Two big changes are taking place this year to compensate workers.
First up is a change in the state minimum wage. Starting May 1, employers are required to pay workers a minimum of $9.50 an hour, up from the $7.25-an-hour rate that also is the federal minimum wage.
Virginia’s minimum wage increases by 15.7% on Jan. 1 to $11 per hour, and successively increases annually until it reaches $15 per hour on Jan. 1, 2026, contingent on future actions by the General Assembly.
About 367,000 employees in Virginia — out of a total workforce of 4 million people — earned less than $9.50 an hour, according to data from late 2019 compiled by research firm Chmura Economics & Analytics.
So the increase on May 1 — which originally was set to take effect on Jan. 1 but was delayed because of the pandemic — won’t affect as many workers.
But the bigger impact on employers could come in January when the minimum wage goes to $11 per hour.
Employers also need to be concerned with another state law — the Virginia Overtime Wage Act, which takes effect July 1. This law was enacted by Virginia lawmakers during this year’s General Assembly.
While overtime pay has been a staple of federal law for decades, Virginia’s new law expands the coverage of overtime rights to employees by eliminating a pay formula employers have in calculating overtime pay for salaried workers, by increasing the statute of limitations, by increasing damages and by providing for collective actions under Virginia law.
The overtime law applies to all employers, regardless of size.
Under current federal law (and now Virginia law), employers must pay an overtime premium to all non-exempt employees at a rate not less than one and one-half times the employee’s regular rate of pay for all hours worked over 40 in a workweek.
A workweek is defined as seven consecutive 24-hours and must be set by the employer, and it cannot change week to week.
The Fair Labor Standards Act, originally created in 1938, is a 20th century law being used in the 21st century workplace and employers have struggled for decades to fully comply.
At the end of April, for instance, Nike agreed to pay $8.25 million to workers for failing to pay for the end of shift security check. In today’s fluid workplace where workers crave flexibility, the FLSA is nothing but rigid.
Instead of providing for more flexibility, Virginia lawmakers chose to double down on this dinosaur of a law, adding less flexibility and making liability more likely — and more costly.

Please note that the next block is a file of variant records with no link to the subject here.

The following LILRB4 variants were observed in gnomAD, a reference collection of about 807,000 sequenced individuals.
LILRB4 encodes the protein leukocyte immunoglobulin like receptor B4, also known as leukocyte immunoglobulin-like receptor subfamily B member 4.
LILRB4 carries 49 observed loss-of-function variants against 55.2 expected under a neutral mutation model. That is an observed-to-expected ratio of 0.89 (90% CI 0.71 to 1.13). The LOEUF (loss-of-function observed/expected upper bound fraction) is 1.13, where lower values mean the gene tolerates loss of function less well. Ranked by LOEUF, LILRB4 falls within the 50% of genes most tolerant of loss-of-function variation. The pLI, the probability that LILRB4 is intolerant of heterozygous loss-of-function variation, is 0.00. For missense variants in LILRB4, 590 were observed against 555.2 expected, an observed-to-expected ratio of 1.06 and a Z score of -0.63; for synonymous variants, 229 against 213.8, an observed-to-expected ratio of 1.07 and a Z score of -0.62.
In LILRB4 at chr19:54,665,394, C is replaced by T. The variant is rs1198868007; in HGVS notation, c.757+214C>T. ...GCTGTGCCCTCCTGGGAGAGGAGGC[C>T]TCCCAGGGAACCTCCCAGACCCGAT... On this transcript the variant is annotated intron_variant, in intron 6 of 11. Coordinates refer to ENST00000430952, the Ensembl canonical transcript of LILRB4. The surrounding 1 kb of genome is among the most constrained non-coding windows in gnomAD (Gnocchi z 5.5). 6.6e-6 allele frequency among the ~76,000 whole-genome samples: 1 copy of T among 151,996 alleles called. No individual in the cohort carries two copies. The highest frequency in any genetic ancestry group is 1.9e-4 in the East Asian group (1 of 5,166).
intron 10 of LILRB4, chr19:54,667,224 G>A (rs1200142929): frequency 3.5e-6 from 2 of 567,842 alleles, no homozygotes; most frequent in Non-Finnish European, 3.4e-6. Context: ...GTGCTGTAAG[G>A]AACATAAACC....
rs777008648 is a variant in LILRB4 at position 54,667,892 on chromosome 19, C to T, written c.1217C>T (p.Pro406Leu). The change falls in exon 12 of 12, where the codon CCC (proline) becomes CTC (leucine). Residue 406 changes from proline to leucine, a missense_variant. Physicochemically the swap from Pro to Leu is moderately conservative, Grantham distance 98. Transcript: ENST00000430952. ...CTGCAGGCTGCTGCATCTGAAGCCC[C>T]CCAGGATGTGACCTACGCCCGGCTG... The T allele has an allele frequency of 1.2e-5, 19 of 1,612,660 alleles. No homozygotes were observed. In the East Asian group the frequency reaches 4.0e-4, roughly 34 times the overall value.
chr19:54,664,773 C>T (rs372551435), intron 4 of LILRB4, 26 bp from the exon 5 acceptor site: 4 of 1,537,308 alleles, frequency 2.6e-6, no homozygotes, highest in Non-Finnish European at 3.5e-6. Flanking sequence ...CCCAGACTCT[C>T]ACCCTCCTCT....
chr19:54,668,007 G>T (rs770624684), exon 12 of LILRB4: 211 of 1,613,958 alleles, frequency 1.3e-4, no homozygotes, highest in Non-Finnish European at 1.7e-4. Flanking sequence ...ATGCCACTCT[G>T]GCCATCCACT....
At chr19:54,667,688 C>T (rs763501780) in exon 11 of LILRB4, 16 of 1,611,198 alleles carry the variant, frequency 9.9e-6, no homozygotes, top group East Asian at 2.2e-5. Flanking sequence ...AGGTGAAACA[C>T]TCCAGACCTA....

To properly calculate overtime, employers must first determine the regular rate of pay. This seems simple, but it isn’t.
Employers have struggled for decades to understand the complexity of calculating the “regular rate” under federal law when commissions, non-discretionary bonuses, on-call and other compensation are tied to the workweek.
For employees paid hourly, the Virginia law provides that the “regular rate” shall include the hourly rate of pay plus any other non-overtime wages paid or allocated for that workweek, excluding any amounts that are excluded from the regular rate by the FLSA, divided by the total number of hours worked in that workweek. This appears to generally be consistent with federal law, although defined differently.
The big concern is with salaried non-exempt employees.
Because the law requires that pay be calculated based on a 40-hour workweek and not all hours worked (as it is under federal law), the rate of pay will likely be higher, in some cases substantially.
Moreover, Virginia has taken away a pay methodology that many employers use.
Under federal law, the “fluctuating workweek” method of calculation can apply for non-exempt employees paid on a salary basis where their hours fluctuate week to week. When those employees work more than 40 hours in a workweek, they are paid half time and not time and a half for overtime.
Employees under this scenario enjoy the certainty of pay and flexibility of hours.
In addition, employers relied upon this calculation when it inadvertently misclassified an employee as exempt.
The fluctuating workweek calculation appears to be non-existent under the new Virginia law.
Virginia law also expands the statute of limitations from two years under the FLSA (with a three-year statute of limitations only for willful violations) to three years.
Violations include civil or criminal penalties.
Employees can bring individual or collective actions.
Employers can be liable for wages owed, as well as liquidated damages (two times what is owed), interest, attorney’s fees and costs. Under federal law, employers can argue that it acted in good faith to avoid the liquidated damages. This is not an option under Virginia law.
For willful violations, the law states, “If the court finds that the employer knowingly failed to pay wages to an employee in accordance with this section, the court shall award the employee an amount equal to triple the amount of wages due and reasonable attorney fees and costs.”
Police and fire have separate provisions, including those outlined in federal law.
Employers need to immediately review their pay practices, and make sure that all exempt employees are properly classified. Paying a salary isn’t enough. It depends on a duties test outlined under the FLSA.
For non-exempt employees, employers must align their pay practices with these new provisions.
Karen Michael is an attorney with Richmond-based KarenMichael PLC. She can be reached at firstname.lastname@example.org.